He added this, to approval from supporters who were watching the Q&A: “When the left criticizes him for moving to the middle and the right doesn’t, that tells you something.”
Later in the day, the Obama campaign a say about the state of the campaign as well, sending a delegation of surrogates on a cross-state tour that stopped at Landmark Aviation in Roanoke.
The news conference was headed up by Robert Gibbs, former White House Press Secretary and senior campaign advisor, and also included comments from Michèle Flournoy, former Under Secretary of Defense for Policy; Richard Danzig, former Secretary of Navy under President Bill Clinton; former Rep. Robert Wexler, D-Fla., who served as Chairman of the Subcommittee on Europe of the House Foreign Affairs Committee and as a member of the Middle East Subcommittee; and Colin Kahl, former Deputy Assistant Secretary of Defense for the Middle East.
The group stumped for Obama on national defense, arguing that he’s strengthened America’s standing in the world and that Romney would set it back.
“We live in a very dangerous and complicated world. We need a leader in the White House who understands that complexity,” Gibbs said. “Mitt Romney has shown us nothing but dangerous bluster and endless foreign policy blunders.”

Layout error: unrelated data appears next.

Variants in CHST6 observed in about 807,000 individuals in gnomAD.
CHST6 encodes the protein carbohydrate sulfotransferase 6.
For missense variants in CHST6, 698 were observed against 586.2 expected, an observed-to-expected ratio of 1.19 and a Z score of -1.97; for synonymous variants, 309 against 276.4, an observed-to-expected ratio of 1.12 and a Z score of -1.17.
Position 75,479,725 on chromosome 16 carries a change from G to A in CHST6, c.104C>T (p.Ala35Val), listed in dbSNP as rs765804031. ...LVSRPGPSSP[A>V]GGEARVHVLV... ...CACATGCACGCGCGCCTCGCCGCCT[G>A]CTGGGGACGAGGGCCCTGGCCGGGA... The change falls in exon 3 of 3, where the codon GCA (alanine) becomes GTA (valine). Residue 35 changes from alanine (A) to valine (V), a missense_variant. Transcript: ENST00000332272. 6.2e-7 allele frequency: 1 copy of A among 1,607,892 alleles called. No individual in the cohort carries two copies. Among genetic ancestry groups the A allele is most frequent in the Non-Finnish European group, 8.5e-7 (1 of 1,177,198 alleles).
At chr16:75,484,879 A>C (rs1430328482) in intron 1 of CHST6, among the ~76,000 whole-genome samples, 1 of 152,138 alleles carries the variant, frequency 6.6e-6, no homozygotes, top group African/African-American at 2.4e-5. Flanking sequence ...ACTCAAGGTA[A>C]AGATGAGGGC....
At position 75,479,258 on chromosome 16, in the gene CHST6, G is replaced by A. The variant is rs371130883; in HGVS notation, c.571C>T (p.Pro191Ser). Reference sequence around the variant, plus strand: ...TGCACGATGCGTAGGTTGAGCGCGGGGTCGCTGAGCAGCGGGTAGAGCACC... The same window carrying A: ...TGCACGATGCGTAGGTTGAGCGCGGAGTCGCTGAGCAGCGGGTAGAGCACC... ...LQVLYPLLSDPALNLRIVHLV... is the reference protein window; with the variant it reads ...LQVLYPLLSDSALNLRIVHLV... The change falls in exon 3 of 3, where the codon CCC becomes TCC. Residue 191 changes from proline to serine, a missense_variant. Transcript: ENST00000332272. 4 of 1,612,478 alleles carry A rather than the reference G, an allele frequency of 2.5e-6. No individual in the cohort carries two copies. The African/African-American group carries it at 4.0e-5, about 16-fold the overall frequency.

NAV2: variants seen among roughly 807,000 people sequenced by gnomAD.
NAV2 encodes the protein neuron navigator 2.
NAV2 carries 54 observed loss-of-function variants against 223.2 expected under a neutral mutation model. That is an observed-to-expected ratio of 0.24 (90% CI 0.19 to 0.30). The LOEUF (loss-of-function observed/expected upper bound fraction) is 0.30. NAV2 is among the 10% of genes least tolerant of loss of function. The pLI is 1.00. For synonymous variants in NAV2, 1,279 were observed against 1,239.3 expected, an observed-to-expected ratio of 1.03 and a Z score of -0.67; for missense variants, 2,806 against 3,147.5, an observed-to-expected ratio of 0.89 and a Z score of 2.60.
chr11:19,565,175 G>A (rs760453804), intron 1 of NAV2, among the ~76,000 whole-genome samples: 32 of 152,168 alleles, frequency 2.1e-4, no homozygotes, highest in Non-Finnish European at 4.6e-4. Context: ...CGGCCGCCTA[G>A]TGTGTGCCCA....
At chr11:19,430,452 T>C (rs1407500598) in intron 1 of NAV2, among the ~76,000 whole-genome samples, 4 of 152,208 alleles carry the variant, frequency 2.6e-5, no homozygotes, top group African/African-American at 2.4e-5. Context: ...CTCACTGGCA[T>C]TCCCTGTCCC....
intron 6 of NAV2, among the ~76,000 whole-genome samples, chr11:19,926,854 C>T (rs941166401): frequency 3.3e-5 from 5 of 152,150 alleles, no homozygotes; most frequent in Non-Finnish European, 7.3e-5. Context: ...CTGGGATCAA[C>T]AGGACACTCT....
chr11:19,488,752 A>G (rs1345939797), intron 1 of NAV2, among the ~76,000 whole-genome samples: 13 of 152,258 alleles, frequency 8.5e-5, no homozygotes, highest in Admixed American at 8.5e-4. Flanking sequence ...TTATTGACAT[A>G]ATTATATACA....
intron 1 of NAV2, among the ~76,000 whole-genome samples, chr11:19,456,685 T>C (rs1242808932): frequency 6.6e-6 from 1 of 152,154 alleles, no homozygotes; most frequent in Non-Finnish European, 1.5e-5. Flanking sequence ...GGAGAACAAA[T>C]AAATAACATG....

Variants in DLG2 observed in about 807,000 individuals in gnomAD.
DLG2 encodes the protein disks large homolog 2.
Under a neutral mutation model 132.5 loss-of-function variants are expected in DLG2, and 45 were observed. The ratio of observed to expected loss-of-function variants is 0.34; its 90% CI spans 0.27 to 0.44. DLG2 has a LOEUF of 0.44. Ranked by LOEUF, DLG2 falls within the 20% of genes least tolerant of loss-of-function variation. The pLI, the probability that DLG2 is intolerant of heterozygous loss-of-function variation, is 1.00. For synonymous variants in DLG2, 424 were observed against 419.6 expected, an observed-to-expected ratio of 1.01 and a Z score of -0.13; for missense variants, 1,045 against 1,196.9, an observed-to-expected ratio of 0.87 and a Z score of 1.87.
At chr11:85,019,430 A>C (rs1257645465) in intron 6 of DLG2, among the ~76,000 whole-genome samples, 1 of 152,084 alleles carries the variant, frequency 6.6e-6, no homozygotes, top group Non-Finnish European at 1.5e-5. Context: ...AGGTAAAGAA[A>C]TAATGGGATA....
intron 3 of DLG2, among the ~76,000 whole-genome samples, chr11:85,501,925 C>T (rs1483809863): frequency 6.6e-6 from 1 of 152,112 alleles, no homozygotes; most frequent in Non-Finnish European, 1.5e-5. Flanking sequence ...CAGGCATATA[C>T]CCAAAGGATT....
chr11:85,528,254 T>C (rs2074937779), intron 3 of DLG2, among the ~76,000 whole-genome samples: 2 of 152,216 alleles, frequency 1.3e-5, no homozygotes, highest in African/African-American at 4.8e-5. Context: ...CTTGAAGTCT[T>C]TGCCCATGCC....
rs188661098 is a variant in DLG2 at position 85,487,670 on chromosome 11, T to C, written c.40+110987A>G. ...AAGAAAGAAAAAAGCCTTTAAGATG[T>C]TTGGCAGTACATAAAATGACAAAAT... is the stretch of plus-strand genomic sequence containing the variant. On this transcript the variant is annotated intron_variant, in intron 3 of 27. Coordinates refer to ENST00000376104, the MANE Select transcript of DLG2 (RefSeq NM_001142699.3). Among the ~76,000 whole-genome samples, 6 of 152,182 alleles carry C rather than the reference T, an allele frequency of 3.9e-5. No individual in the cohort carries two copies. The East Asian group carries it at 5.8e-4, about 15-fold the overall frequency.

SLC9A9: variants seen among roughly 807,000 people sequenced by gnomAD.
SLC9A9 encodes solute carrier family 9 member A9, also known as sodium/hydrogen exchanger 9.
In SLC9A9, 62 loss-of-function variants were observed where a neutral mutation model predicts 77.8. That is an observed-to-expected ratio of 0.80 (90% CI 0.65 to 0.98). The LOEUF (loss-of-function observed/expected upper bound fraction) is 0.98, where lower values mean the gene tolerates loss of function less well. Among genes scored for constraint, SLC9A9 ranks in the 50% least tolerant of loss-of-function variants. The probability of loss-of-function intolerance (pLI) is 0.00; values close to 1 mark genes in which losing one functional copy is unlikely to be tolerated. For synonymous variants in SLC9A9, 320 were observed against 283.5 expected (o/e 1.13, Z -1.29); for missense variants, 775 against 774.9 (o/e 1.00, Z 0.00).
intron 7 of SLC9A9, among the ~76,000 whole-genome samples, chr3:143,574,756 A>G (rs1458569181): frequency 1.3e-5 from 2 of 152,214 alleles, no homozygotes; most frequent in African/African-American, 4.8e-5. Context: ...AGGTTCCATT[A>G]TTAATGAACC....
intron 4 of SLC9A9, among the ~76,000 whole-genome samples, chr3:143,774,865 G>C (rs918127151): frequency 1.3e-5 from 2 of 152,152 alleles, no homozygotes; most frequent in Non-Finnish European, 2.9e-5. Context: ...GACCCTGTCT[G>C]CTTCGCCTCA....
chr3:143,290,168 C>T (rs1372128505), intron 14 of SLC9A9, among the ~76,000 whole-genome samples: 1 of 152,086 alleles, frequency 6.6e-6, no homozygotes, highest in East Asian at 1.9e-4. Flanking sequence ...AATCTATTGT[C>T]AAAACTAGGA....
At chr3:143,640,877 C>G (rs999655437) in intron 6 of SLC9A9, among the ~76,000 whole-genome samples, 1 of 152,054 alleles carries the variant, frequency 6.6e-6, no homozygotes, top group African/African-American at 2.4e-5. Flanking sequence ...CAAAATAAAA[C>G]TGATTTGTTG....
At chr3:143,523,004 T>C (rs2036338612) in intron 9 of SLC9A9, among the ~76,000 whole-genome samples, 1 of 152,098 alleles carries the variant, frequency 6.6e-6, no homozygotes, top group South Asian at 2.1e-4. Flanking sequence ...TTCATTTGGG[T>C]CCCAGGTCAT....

Flournoy talked fiscal matters, arguing that Romney’s running mate, U.S. Rep. Paul Ryan of Wisconsin, had voted for the package that set up the so-called “fiscal cliff” and which includes $500 billion in automatic defense cuts unless Congress can reach a deal. Wexler said Obama has worked to prevent Iran from obtaining nuclear weapons and has continued the United States’ cooperation with Israel. And Kahl said that Obama inherited a war in Iraq, which he’s essentially ended, and the remnants of a war in Afghanistan that had essentially been ignored in favor of Iraq. Kahl argued that Obama has carried on the war against al-Qaeda, giving the order that led to the death of Osama bid Laden and ordering drone strikes that have eliminated much of the organization’s command.
In response to questions, Gibbs said that Virginia is very much in play in this election.
“There are very few places that are more important in this election than in Virginia,” Gibbs said.
He said over the next 15 days, “You’ ll see appearances. You’ll see press conferences like this. We’ll call into radio shows. The president will do interviews. He’ll call undecided voters, even from Air Force One. We’ll pull out all the stops to win, not just in Virginia but all over the place.”
Gibbs said the Obama campaign has not given up on the commonwealth: “If we wrote off Virginia, we sure didn’t get the memo before we landed the plane here. Look, Virginia is probably one of the one or two most important states in this whole election. Nobody’s going to give up on Virginia, certainly not our campaign. If the other side thinks they won Virginia, I’m happy to have that declaration because it means that all the things I just outlined, they won’t do. But we’re going to be here a lot. We’re going to be here doing everything we can to reach voters.”
– Mason Adams